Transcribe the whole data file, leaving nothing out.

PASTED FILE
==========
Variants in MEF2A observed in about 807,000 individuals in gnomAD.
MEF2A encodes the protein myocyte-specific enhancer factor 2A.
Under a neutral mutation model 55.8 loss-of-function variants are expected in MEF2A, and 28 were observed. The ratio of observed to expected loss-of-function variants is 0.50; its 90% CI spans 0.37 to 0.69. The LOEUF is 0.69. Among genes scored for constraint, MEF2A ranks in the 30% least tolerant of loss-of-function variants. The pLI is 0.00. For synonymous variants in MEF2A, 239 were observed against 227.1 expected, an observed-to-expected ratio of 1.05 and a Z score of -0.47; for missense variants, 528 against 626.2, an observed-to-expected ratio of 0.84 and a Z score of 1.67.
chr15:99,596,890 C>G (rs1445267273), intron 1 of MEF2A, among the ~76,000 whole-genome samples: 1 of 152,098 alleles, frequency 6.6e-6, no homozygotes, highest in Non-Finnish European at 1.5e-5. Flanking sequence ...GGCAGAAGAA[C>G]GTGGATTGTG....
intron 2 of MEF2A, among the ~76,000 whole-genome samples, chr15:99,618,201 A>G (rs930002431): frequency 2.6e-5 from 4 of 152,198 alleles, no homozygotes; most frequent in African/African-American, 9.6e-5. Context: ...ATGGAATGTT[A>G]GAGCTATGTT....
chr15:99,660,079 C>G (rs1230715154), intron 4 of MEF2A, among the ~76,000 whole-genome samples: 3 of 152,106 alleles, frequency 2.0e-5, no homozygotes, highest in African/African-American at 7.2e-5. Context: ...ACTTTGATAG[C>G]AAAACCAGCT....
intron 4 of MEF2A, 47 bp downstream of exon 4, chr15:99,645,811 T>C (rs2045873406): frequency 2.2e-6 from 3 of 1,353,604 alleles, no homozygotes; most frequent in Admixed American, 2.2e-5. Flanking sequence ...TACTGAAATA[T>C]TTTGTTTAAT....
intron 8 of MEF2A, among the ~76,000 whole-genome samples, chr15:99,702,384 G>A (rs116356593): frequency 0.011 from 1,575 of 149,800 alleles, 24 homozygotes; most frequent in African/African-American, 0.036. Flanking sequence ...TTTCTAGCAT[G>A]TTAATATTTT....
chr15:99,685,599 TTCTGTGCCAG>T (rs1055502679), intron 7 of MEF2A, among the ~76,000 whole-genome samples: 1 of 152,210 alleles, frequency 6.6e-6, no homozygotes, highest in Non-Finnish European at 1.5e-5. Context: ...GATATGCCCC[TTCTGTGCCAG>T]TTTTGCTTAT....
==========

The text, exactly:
Variants in MEF2A observed in about 807,000 individuals in gnomAD.
MEF2A encodes the protein myocyte-specific enhancer factor 2A.
Under a neutral mutation model 55.8 loss-of-function variants are expected in MEF2A, and 28 were observed. The ratio of observed to expected loss-of-function variants is 0.50; its 90% CI spans 0.37 to 0.69. The LOEUF is 0.69. Among genes scored for constraint, MEF2A ranks in the 30% least tolerant of loss-of-function variants. The pLI is 0.00. For synonymous variants in MEF2A, 239 were observed against 227.1 expected, an observed-to-expected ratio of 1.05 and a Z score of -0.47; for missense variants, 528 against 626.2, an observed-to-expected ratio of 0.84 and a Z score of 1.67.
chr15:99,596,890 C>G (rs1445267273), intron 1 of MEF2A, among the ~76,000 whole-genome samples: 1 of 152,098 alleles, frequency 6.6e-6, no homozygotes, highest in Non-Finnish European at 1.5e-5. Flanking sequence ...GGCAGAAGAA[C>G]GTGGATTGTG....
intron 2 of MEF2A, among the ~76,000 whole-genome samples, chr15:99,618,201 A>G (rs930002431): frequency 2.6e-5 from 4 of 152,198 alleles, no homozygotes; most frequent in African/African-American, 9.6e-5. Context: ...ATGGAATGTT[A>G]GAGCTATGTT....
chr15:99,660,079 C>G (rs1230715154), intron 4 of MEF2A, among the ~76,000 whole-genome samples: 3 of 152,106 alleles, frequency 2.0e-5, no homozygotes, highest in African/African-American at 7.2e-5. Context: ...ACTTTGATAG[C>G]AAAACCAGCT....
intron 4 of MEF2A, 47 bp downstream of exon 4, chr15:99,645,811 T>C (rs2045873406): frequency 2.2e-6 from 3 of 1,353,604 alleles, no homozygotes; most frequent in Admixed American, 2.2e-5. Flanking sequence ...TACTGAAATA[T>C]TTTGTTTAAT....
intron 8 of MEF2A, among the ~76,000 whole-genome samples, chr15:99,702,384 G>A (rs116356593): frequency 0.011 from 1,575 of 149,800 alleles, 24 homozygotes; most frequent in African/African-American, 0.036. Flanking sequence ...TTTCTAGCAT[G>A]TTAATATTTT....
chr15:99,685,599 TTCTGTGCCAG>T (rs1055502679), intron 7 of MEF2A, among the ~76,000 whole-genome samples: 1 of 152,210 alleles, frequency 6.6e-6, no homozygotes, highest in Non-Finnish European at 1.5e-5. Context: ...GATATGCCCC[TTCTGTGCCAG>T]TTTTGCTTAT....